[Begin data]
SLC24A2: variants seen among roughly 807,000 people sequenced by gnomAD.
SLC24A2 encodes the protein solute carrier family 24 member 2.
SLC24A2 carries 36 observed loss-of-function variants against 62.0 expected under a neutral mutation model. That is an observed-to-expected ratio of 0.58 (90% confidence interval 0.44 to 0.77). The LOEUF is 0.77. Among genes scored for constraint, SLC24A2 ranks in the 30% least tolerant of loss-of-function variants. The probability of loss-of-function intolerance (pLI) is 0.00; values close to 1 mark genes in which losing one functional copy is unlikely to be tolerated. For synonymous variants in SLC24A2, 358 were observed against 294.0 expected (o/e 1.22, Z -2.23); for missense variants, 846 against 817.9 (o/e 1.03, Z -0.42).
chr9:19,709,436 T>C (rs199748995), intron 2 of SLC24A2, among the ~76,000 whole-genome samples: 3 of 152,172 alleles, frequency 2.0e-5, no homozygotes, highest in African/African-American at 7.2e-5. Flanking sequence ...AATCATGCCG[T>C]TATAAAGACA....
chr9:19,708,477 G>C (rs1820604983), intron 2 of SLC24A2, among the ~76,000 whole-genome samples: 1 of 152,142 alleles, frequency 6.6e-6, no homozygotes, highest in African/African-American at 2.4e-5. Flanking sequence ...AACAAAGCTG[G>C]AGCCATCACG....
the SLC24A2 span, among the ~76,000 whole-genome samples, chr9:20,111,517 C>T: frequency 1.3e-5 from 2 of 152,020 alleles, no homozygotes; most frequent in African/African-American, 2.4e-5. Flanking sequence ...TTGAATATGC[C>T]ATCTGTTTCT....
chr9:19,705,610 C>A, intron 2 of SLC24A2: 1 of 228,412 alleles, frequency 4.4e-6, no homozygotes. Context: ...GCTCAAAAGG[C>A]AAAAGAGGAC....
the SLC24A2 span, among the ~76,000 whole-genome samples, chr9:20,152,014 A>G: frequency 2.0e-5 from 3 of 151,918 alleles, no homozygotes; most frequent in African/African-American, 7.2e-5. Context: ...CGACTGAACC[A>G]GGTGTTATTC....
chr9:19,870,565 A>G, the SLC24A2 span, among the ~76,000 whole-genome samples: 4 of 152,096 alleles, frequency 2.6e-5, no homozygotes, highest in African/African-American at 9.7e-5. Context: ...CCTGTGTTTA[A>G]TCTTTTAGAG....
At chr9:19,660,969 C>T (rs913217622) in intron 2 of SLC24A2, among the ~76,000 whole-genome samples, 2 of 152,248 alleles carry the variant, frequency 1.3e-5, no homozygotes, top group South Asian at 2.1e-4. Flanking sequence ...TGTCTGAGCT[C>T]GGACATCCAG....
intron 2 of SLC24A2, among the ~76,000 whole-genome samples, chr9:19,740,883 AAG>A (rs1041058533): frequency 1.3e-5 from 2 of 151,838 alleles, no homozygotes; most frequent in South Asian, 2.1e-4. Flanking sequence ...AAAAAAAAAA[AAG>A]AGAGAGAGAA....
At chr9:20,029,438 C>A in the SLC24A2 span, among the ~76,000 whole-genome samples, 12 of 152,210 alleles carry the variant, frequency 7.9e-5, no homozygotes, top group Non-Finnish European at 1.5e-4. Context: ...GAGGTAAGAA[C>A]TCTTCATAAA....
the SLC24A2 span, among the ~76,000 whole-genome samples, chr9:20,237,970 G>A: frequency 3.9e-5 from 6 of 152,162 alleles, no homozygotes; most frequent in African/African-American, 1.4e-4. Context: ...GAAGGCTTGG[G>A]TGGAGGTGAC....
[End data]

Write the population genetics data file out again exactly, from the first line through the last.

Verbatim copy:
SLC24A2: variants seen among roughly 807,000 people sequenced by gnomAD.
SLC24A2 encodes the protein solute carrier family 24 member 2.
SLC24A2 carries 36 observed loss-of-function variants against 62.0 expected under a neutral mutation model. That is an observed-to-expected ratio of 0.58 (90% confidence interval 0.44 to 0.77). The LOEUF is 0.77. Among genes scored for constraint, SLC24A2 ranks in the 30% least tolerant of loss-of-function variants. The probability of loss-of-function intolerance (pLI) is 0.00; values close to 1 mark genes in which losing one functional copy is unlikely to be tolerated. For synonymous variants in SLC24A2, 358 were observed against 294.0 expected (o/e 1.22, Z -2.23); for missense variants, 846 against 817.9 (o/e 1.03, Z -0.42).
chr9:19,709,436 T>C (rs199748995), intron 2 of SLC24A2, among the ~76,000 whole-genome samples: 3 of 152,172 alleles, frequency 2.0e-5, no homozygotes, highest in African/African-American at 7.2e-5. Flanking sequence ...AATCATGCCG[T>C]TATAAAGACA....
chr9:19,708,477 G>C (rs1820604983), intron 2 of SLC24A2, among the ~76,000 whole-genome samples: 1 of 152,142 alleles, frequency 6.6e-6, no homozygotes, highest in African/African-American at 2.4e-5. Flanking sequence ...AACAAAGCTG[G>C]AGCCATCACG....
the SLC24A2 span, among the ~76,000 whole-genome samples, chr9:20,111,517 C>T: frequency 1.3e-5 from 2 of 152,020 alleles, no homozygotes; most frequent in African/African-American, 2.4e-5. Flanking sequence ...TTGAATATGC[C>T]ATCTGTTTCT....
chr9:19,705,610 C>A, intron 2 of SLC24A2: 1 of 228,412 alleles, frequency 4.4e-6, no homozygotes. Context: ...GCTCAAAAGG[C>A]AAAAGAGGAC....
the SLC24A2 span, among the ~76,000 whole-genome samples, chr9:20,152,014 A>G: frequency 2.0e-5 from 3 of 151,918 alleles, no homozygotes; most frequent in African/African-American, 7.2e-5. Context: ...CGACTGAACC[A>G]GGTGTTATTC....
chr9:19,870,565 A>G, the SLC24A2 span, among the ~76,000 whole-genome samples: 4 of 152,096 alleles, frequency 2.6e-5, no homozygotes, highest in African/African-American at 9.7e-5. Context: ...CCTGTGTTTA[A>G]TCTTTTAGAG....
At chr9:19,660,969 C>T (rs913217622) in intron 2 of SLC24A2, among the ~76,000 whole-genome samples, 2 of 152,248 alleles carry the variant, frequency 1.3e-5, no homozygotes, top group South Asian at 2.1e-4. Flanking sequence ...TGTCTGAGCT[C>T]GGACATCCAG....
intron 2 of SLC24A2, among the ~76,000 whole-genome samples, chr9:19,740,883 AAG>A (rs1041058533): frequency 1.3e-5 from 2 of 151,838 alleles, no homozygotes; most frequent in South Asian, 2.1e-4. Flanking sequence ...AAAAAAAAAA[AAG>A]AGAGAGAGAA....
At chr9:20,029,438 C>A in the SLC24A2 span, among the ~76,000 whole-genome samples, 12 of 152,210 alleles carry the variant, frequency 7.9e-5, no homozygotes, top group Non-Finnish European at 1.5e-4. Context: ...GAGGTAAGAA[C>A]TCTTCATAAA....
the SLC24A2 span, among the ~76,000 whole-genome samples, chr9:20,237,970 G>A: frequency 3.9e-5 from 6 of 152,162 alleles, no homozygotes; most frequent in African/African-American, 1.4e-4. Context: ...GAAGGCTTGG[G>A]TGGAGGTGAC....